Wednesday, February 02, 2005

Reverberations Of a Housing Boom

North Capitol Street Corridor Experiences Growing Wealth -- and Pains

By Debbi Wilgoren
Washington Post Staff Writer


Second of two articles

In the District's fast-changing Bloomingdale neighborhood, a group of residents gathered on a recent snowy Sunday for homemade doughnuts and conversation. Talk turned to property values.

Vicky Leonard-Chambers, part of the first generation of urban pioneers to lay claim to this center-city enclave in the early 1990s, recalled people's lament that "$400,000 now buys you only a condo."

"Back when I bought my house, you could buy three complete two-story homes for that," said Leonard-Chambers, who works for a trade association and is active in a local effort to bring new retail to the North Capitol Street corridor.

"It's exciting to see that you have an investment that's increasing in value faster than your 401(k) plan at work," Leonard-Chambers said. "But the downside is that as it appreciates, so does your tax burden. You know that it's difficult for many of the seniors."

Residents of Bloomingdale and other District neighborhoods will get the government estimate of how much their property values are rising this month, when the Office of Tax and Revenue mails out proposed assessments for 2006.

City officials say the valuations, which have risen sharply in recent years as the city has emerged from fiscal and political turmoil, will continue to climb -- especially in formerly working-class neighborhoods such as Bloomingdale and nearby Eckington and LeDroit Park, all rapidly going upscale.

"Either you sell, or you make do," said Cleopatra Jones, president of the Bloomingdale Civic Association and a resident of Eckington and Bloomingdale for 40 years. She said she scrimps and saves monthly to keep up with taxes for her home on R Street NE and a rental property she owns nearby. "You wink and you go eenie-meenie-minie-mo and you decide which bill is going to be paid."

In these neighborhoods, which straddle North Capitol Street near Rhode Island Avenue, change is easily visible.

Home prices have more than doubled in the past three years. Dozens of houses sport "For Sale" signs. Construction crews renovating old rowhouses provide near-constant background noise.

Most of the once-ubiquitous metal awnings and green outdoor carpeting have disappeared from porch stoops. Instead, houses sport brass light fixtures, heavy wooden doors and fresh paint.

A modest coffeehouse called the Windows Cafe opened last year, to much fanfare, at First Street and Rhode Island Avenue NW. More than 50 neighbors turned out to hear a jazz band and to celebrate the conversion of an old bodega into the area's first restaurant where, after ordering at the counter, patrons can sit down to eat.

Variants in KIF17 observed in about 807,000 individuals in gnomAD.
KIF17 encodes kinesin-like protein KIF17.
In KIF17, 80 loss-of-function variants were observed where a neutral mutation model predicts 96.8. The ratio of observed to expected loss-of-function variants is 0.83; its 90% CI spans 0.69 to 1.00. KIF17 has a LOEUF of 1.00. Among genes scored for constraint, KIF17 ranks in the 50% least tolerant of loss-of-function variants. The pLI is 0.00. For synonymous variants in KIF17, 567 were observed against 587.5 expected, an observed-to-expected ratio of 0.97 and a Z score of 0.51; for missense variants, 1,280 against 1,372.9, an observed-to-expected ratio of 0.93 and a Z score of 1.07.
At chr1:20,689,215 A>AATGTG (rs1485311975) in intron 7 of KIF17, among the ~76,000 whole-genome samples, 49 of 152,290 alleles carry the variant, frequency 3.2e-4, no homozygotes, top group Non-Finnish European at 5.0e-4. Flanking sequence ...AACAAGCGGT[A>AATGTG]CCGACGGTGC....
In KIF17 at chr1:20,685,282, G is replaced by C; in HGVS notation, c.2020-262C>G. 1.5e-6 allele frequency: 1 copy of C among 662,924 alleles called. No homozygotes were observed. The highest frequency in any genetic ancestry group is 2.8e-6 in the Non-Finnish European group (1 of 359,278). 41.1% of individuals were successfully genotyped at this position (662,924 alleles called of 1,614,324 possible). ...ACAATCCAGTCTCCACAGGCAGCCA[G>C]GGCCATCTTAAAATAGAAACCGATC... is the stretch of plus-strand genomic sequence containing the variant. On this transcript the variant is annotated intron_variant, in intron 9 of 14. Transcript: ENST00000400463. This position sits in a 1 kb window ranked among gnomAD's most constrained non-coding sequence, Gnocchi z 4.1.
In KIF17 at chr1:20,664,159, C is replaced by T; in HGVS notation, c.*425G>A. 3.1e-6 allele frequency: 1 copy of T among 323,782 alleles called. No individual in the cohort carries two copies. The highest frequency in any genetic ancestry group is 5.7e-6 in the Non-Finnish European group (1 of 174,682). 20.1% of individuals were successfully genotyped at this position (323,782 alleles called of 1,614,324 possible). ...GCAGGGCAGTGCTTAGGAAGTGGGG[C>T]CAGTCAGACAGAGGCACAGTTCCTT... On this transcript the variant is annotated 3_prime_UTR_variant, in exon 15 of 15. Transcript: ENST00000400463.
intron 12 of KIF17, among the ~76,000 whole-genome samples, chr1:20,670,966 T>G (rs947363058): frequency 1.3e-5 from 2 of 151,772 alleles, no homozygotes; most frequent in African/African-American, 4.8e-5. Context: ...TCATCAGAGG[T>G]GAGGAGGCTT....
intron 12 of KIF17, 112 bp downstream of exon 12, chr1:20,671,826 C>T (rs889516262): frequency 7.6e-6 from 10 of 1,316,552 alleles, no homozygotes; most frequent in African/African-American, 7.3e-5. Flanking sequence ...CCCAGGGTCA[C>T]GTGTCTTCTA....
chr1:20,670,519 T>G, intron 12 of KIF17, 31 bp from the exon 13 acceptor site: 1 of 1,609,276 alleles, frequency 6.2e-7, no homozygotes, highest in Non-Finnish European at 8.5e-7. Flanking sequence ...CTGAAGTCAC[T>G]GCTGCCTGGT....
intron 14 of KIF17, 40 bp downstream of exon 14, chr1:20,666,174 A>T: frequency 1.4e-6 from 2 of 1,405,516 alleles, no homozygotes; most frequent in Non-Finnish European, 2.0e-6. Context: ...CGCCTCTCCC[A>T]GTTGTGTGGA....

In the evenings, sidewalk traffic reflects the growing number of upscale professionals -- black and white, male and female, gay and straight.

"It's changing very fast, just from last year to now," said Hunegnaw Abeje, who with his wife, Roman Teklu, runs the cafe and an adjoining market, where the wine selection includes Chalk Hill merlot for $49.99 a bottle.

It is a far cry from the neighborhood that Virginia Johnson, 77, remembers moving into in 1960. Back then, every house on the 100 block of Thomas Street was full of children, she recalled yesterday. "You could go to bed and leave your windows and doors open, and nothing bad would happen."

Now, all but three of Johnson's longtime neighbors have moved, selling their homes for many times what they paid for them. Johnson, confined to a wheelchair and nearly blind, said speculators frequently knock on her door and offer her $275,000 for her rowhouse, which she bought for $20,000.

The modest structure is valued at $278,050. But the amount on which her tax is calculated is much lower, because of caps, exemptions for people who live on their property and a 50 percent credit offered to senior citizens.

Johnson said she is not interested in selling her house, which is paid in full and just a half-block from her beloved Mount Bethel Baptist Church. "I been here this long. I just like the city," she said, adding that with the help of her family and her God, if necessary, her taxes get paid.

But people at her socioeconomic level -- she worked as an aide for the D.C. public schools -- have long stopped being able to secure a foothold in this neighborhood.

Scott Roberts bought his house in Bloomingdale in 1992. Back then, he said, people of lesser means could still buy in Eckington, just across North Capitol Street. Now, homes there cost almost as much as in LeDroit Park and Bloomingdale. Teachers, clerical workers and other relatively low-wage earners must look elsewhere.

"They're going over to Woodridge, Trinidad and then Wards 7 and 8," Roberts said, ticking off more affordable parts of the city where, nevertheless, prices are also on the rise.

Yolanda Murphy grew up in Bloomingdale until her family fled to Maryland to escape rising crime. Three years ago, she took over a dry-cleaning business at Rhode Island Avenue and First and T streets NW. At first, her customers brought in jeans and jerseys for cleaning. Now, she gets more dress shirts, suits and dresses.

"I watched it go down, and now I'm seeing it rebuilt again," Murphy said of her old neighborhood. She said she is pleased to see senior citizens walking the streets again and to wave to folks on the stoop.

Someday, Murphy said, she, too, would like to buy a house here. But she doubts that will be possible.

"I couldn't afford it," Murphy said.